Opposition charges govt with violating constitution and laws

Opposition Leader (OL), Dr Pema Gyamtsho, said the Constitutional Bodies have pointed out that the government is in breach with the provisions of the Constitution, and existing laws and rules, on several issues.

Citing as an example, OL said that the government, granting authorized leave of absence to the three government secretaries, was found to be against the RCSC Act. He added that the import of electric vehicles (EVs) has violated the provisions of the Constitution and disregarded the rule of law as reflected in ACC’s Annual Report 2014. OL also said that the legality of instituting the Business Opportunity and Information Centre (BOiC), questioned by the Opposition, is under discussion at the National Council. The National Council has referred the issue of legality of BOiC to His Majesty the King for judicial review.

OL asked the Prime Minister to brief the House on the course of action being taken to fix accountability on those responsible or to take responsibility for the violation of the Constitution.

Home Minister, Damcho Dorji, said that it is very important to respect Acts and laws of the country. Lyonpo Damcho Dorji said, “In any meeting in the Cabinet, we urge that it should not be against the Acts and law of the country,” and further added, “If the government is found to be going against the laws and rules of the Constitution, then we want it in writing, and if it true we will consider and give justification.”

Lyonpo Damcho Dorji said clarifications must be made with the government before anyone sending press releases to media. “When government makes any plans or policies, some people say it is against the Act and law, and some say it is according to the Act and law, we cannot understand it.”

He said that the government follows and respects the Acts of the different Constitutional Bodies, like ACC, RAA and RCSC.

The Home Minister, Damcho Dorji, asked the Opposition, National Council (NC), Anti Corruption Commission (ACC) and Royal Civil Service Commission (RCSC) to point out, with clear legal reasons and justifications in detail, if the government is really in breach with the provisions of the Constitution, or any other laws and rules. He said vague annual reports and press releases without evidences are not the final word on such issues.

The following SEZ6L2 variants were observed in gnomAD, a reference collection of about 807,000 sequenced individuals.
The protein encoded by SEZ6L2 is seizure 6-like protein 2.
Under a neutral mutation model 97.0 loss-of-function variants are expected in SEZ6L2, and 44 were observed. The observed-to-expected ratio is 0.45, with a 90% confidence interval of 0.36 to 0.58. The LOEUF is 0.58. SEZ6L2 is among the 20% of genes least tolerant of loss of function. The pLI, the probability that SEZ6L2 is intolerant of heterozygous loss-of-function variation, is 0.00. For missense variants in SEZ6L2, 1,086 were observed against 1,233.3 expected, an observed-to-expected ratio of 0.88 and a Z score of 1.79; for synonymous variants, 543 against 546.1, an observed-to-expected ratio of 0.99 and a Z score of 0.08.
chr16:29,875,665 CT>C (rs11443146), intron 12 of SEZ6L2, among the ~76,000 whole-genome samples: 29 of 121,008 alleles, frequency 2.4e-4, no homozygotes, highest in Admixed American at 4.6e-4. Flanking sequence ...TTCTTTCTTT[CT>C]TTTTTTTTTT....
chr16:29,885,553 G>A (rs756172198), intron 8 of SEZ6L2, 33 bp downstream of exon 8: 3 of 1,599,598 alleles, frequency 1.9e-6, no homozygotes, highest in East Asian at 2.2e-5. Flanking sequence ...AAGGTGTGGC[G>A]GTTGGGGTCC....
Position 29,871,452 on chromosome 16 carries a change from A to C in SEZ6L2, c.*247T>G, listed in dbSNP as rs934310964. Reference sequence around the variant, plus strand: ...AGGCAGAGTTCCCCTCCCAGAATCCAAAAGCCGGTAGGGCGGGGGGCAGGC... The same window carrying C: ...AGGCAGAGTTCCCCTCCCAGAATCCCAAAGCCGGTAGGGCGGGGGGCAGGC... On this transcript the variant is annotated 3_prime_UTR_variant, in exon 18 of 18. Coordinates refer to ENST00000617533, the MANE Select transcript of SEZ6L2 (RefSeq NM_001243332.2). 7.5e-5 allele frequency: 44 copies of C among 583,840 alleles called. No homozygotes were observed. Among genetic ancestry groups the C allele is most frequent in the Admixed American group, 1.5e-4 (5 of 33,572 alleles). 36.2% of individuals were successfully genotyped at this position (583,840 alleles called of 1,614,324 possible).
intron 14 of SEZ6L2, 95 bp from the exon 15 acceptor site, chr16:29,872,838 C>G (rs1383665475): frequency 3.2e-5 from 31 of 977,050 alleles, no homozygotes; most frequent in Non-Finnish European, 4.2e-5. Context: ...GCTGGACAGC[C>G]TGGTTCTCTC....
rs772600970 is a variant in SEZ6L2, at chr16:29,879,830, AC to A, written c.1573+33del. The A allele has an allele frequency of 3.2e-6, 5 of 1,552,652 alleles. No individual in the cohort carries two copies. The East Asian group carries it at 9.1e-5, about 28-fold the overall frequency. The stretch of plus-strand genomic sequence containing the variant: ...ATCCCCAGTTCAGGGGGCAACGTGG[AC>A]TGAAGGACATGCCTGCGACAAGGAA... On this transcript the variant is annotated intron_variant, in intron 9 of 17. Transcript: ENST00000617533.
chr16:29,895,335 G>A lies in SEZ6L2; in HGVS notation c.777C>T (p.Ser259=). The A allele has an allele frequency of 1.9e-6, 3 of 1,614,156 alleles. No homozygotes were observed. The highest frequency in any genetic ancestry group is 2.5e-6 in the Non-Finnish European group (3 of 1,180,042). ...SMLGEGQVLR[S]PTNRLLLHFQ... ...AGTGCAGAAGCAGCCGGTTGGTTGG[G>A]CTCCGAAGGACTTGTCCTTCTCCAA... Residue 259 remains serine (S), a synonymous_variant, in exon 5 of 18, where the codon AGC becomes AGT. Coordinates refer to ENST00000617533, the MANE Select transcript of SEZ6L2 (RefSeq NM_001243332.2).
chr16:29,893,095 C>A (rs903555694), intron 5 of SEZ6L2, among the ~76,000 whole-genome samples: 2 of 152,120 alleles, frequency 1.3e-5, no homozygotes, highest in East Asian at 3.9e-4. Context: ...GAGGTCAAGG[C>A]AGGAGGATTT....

With regard to the ACC report, which highlights that import of EVs has violated the provisions of the Constitution, the Home Minister said such a conclusion was made only by ACC, and the government has justified that it is not against the law and the Constitution.

He said, “Whether it is right or wrong, we cannot say just now. As ACC is one of the Constitutional Bodies, we respect it.” He said the same goes for RCSC and NC.

On BOiC, he said there have been many discussions in NC, but the government has not received any written letter stating that is against the law and rules. “Government will never do the work which is against the law and the Constitution.”

MP of Panbang, Dorji Wangdi, said the ACC report was sent to the PM, a month earlier than it was made public, as highlighted in the media. He asked the Home Minister for clarifications on the matter.

Lyonpo Damcho Dorji said with the EVs, the government held discussions with ACC and justified the reason for it not being against the laws and rules. “Government has imported EVs according to the Sale Tax, Custom Excise Act of Kingdom of Bhutan 2000,” the Home Minister said. “Chapter 13 of the Act states that the import of the following goods into Bhutan shall be restricted, like used or second hand goods, vehicles, machinery and equipment.”  He informed the House that EVs fall under restricted goods and not prohibited goods.  “If it was prohibited then we cannot import it.”

He said that EVs are exempted from green tax as the EVs produce no pollution while others fuel vehicles are taxed as it pollutes the environment.

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